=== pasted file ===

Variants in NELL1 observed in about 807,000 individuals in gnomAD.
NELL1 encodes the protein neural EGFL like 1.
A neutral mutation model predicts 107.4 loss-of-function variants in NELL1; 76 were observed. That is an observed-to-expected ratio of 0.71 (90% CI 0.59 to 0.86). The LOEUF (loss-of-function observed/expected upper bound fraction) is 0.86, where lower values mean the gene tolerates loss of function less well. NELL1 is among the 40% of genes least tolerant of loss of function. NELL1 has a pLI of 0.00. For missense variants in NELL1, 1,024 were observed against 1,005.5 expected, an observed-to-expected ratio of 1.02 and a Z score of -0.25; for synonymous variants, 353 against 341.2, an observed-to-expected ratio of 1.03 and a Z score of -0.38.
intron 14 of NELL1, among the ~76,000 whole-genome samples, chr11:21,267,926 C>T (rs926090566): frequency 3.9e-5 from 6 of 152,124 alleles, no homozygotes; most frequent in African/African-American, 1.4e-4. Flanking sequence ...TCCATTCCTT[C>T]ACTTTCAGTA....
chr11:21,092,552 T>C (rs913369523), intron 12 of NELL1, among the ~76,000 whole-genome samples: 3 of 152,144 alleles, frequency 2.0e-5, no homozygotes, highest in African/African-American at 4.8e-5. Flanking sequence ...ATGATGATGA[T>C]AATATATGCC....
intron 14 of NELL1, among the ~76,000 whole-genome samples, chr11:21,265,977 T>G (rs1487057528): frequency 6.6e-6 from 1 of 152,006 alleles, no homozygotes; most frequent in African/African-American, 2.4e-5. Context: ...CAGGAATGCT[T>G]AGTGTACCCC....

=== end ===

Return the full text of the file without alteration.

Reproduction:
Variants in NELL1 observed in about 807,000 individuals in gnomAD.
NELL1 encodes the protein neural EGFL like 1.
A neutral mutation model predicts 107.4 loss-of-function variants in NELL1; 76 were observed. That is an observed-to-expected ratio of 0.71 (90% CI 0.59 to 0.86). The LOEUF (loss-of-function observed/expected upper bound fraction) is 0.86, where lower values mean the gene tolerates loss of function less well. NELL1 is among the 40% of genes least tolerant of loss of function. NELL1 has a pLI of 0.00. For missense variants in NELL1, 1,024 were observed against 1,005.5 expected, an observed-to-expected ratio of 1.02 and a Z score of -0.25; for synonymous variants, 353 against 341.2, an observed-to-expected ratio of 1.03 and a Z score of -0.38.
intron 14 of NELL1, among the ~76,000 whole-genome samples, chr11:21,267,926 C>T (rs926090566): frequency 3.9e-5 from 6 of 152,124 alleles, no homozygotes; most frequent in African/African-American, 1.4e-4. Flanking sequence ...TCCATTCCTT[C>T]ACTTTCAGTA....
chr11:21,092,552 T>C (rs913369523), intron 12 of NELL1, among the ~76,000 whole-genome samples: 3 of 152,144 alleles, frequency 2.0e-5, no homozygotes, highest in African/African-American at 4.8e-5. Flanking sequence ...ATGATGATGA[T>C]AATATATGCC....
intron 14 of NELL1, among the ~76,000 whole-genome samples, chr11:21,265,977 T>G (rs1487057528): frequency 6.6e-6 from 1 of 152,006 alleles, no homozygotes; most frequent in African/African-American, 2.4e-5. Context: ...CAGGAATGCT[T>G]AGTGTACCCC....